Top health industry issues of 2018

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Health reform isn’t over, it’s just more complicated

Congress failed to repeal and replace the ACA through a single piece of legislation in 2017, but the Republican party likely will continue to pursue health reform in 2018 through a more fragmented approach.1 Already, the White House, administration officials and Republican lawmakers have used executive orders, rule-making, CMS waivers, federal appropriations, tax reform and the courts to roll back or transform parts of the 2010 law.2


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Craig Cleaver, PwC, US Pharma and Life Sciences Risk Assurance Leader, talks about managing risk in a resilient organization

2018 likely will bring continued efforts to reduce and cap federal Medicaid spending, expand access to lower-premium health insurance, loosen ACA consumer protections, soften the individual and employer mandates and repeal ACA taxes and fees (see Figure).

Health leaders should prepare for a year characterized by continued policy changes and ongoing uncertainty. A rise in the uninsured rate could apply more cost pressures on the industry—from providers to insurers to pharmaceutical and life sciences companies—eroding gains made through other transformation efforts. To succeed in such an environment, health organizations—especially healthcare providers and insurers—should develop greater agility, efficiency and resilience while building a sophisticated understanding of how changes to federal and state health policy might affect them.3

The health reform change with the most potential for disruption likely would be an eventual transformation in federal spending on Medicaid, including significant cuts, along with greater variability in how states administer the program, according to modeling by HRI and PwC’s strategy practice, Strategy&.4 All five of 2017’s repeal and replace bills proposed unwinding the ACA’s Medicaid expansion and restricting federal spending on the program.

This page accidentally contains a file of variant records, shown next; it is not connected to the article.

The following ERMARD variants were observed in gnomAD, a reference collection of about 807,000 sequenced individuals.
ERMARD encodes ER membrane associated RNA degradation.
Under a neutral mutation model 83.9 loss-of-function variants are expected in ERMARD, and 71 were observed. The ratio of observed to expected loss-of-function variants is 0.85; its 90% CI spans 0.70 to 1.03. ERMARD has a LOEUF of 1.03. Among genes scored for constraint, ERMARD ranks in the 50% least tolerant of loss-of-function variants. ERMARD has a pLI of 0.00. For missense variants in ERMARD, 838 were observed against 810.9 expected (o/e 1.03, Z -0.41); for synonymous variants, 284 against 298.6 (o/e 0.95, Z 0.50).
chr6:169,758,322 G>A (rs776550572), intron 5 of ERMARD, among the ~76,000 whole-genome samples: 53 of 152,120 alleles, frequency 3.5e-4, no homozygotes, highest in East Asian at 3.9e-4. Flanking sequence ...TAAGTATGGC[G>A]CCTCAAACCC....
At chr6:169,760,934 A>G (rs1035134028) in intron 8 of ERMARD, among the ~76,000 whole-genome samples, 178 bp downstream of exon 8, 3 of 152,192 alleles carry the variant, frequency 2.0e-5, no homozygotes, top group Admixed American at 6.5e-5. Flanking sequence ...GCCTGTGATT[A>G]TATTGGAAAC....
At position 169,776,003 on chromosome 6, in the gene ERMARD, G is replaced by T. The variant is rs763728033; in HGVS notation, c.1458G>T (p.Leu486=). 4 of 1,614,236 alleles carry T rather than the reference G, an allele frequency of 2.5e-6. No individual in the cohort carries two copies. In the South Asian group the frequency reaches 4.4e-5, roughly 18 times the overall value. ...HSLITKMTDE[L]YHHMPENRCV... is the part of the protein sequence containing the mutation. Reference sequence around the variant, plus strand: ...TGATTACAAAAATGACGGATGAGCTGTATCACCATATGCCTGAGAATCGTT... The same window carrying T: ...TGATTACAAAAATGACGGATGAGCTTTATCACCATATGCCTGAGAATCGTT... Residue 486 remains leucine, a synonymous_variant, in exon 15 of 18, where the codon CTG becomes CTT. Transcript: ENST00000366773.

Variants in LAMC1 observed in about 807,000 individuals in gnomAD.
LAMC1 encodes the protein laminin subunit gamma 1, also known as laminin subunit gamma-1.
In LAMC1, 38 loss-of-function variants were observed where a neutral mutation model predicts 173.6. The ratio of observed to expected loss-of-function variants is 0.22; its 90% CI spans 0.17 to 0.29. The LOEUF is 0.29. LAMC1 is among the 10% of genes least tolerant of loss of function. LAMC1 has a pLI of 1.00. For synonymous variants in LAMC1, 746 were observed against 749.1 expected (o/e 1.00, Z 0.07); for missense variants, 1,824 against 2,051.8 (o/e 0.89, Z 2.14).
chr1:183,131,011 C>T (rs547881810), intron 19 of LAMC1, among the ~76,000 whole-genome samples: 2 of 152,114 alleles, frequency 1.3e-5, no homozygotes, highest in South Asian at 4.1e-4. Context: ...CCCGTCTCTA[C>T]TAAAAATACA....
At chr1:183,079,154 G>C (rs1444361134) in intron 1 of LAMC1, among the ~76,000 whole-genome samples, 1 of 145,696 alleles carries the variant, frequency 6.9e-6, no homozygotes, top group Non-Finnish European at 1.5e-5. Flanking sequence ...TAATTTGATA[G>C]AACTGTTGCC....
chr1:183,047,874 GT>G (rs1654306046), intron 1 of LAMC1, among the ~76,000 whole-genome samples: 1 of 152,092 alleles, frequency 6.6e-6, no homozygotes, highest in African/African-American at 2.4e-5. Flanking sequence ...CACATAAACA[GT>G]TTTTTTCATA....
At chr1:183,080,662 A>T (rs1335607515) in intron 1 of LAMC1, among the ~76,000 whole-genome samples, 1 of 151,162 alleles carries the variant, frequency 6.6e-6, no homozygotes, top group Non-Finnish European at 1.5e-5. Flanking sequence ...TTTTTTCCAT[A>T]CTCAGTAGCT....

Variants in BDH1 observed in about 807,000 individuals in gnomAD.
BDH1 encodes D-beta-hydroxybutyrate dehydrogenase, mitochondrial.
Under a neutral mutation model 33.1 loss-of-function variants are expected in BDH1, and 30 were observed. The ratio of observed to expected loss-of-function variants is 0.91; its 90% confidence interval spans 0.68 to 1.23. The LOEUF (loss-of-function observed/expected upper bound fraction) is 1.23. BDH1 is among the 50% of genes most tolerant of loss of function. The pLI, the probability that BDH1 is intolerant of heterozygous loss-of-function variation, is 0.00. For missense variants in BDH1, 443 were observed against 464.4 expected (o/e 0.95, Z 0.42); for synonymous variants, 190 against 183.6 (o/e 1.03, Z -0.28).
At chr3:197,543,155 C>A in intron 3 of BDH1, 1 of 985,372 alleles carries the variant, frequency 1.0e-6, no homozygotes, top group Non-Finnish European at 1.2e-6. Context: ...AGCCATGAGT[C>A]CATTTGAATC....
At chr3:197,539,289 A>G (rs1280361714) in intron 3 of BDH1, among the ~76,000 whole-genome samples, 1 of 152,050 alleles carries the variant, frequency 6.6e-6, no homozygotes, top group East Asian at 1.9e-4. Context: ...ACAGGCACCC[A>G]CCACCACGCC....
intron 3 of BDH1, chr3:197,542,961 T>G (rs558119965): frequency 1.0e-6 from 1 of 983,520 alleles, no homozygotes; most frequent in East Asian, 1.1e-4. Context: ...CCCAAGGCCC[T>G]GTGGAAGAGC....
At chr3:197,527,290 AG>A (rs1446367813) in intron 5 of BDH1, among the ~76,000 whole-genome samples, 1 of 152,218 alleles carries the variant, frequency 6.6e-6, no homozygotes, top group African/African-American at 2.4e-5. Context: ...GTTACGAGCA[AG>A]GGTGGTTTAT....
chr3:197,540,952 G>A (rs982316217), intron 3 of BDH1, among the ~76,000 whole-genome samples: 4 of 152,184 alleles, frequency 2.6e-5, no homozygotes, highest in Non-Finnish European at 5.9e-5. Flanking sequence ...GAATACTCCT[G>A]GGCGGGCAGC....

While significant funding cuts are not expected in 2018, Republican congressional leaders and administration officials have indicated they are still interested in pursuing changes to the Medicaid program in 2018 through legislation and regulatory actions.5 Rolling back the Medicaid expansion and introducing a block grant system could reduce federal spending on the program by up to $800 billion over 10 years, according to analyses of repeal and replace legislation by the Congressional Budget Office and the Joint Committee on Taxation.6 In November, CMS laid out streamlined processes for applying for Section 1115 demonstration waivers, which allow states greater flexibility in administering the program.7 CMS also is encouraging states to adopt work requirements and other eligibility restrictions through these waivers.8

Key decisions will be made in state capitals. Faced with federal funding cuts, state lawmakers likely would have to weigh whether they want to focus on delivering services more efficiently, spend more state money to fill the funding gap, cut optional services, restrict eligibility requirements or some combination of these options.9 Absent cuts, state lawmakers and bureaucrats still will weigh whether they will seek program changes through waivers.

Many of the health reform changes being discussed in Washington involve giving states more freedom to shape how healthcare is funded and delivered within their borders. The US departments of Labor, Treasury, and Health and Human Services are engaged in rule-making to expand access to association health plans and short-term, limited-duration health coverage, both of which are exempt from some ACA provisions.10 The plan types available in each state would be molded locally, with implications for insurers and providers, which could eventually see patients with coverage similar to the “mini-med” plans sold before the ACA.11

A constantly shifting health policy landscape produces uncertainty. St. Louis-based Ascension, a faith-based provider that operates in 22 states, is focused on improving, said Nick Ragone, senior vice president and chief marketing and communications officer. “We’re less focused on the minutiae of different legislative proposals,” Ragone said, “and more focused on what we’re doing to integrate ourselves and help the health system to be really nimble, really flexible and really be patient- and consumer-friendly.”

These health reform challenges are an opportunity to think about making strategic investments. Progressive health systems may choose to make bold moves in this unsettled moment as their competitors freeze. Now is the right moment to engage with local regulators, communities and even competitors on public health topics such as social determinants of health, opioid abuse and disaster planning as a key part of an overall value-oriented public policy stance.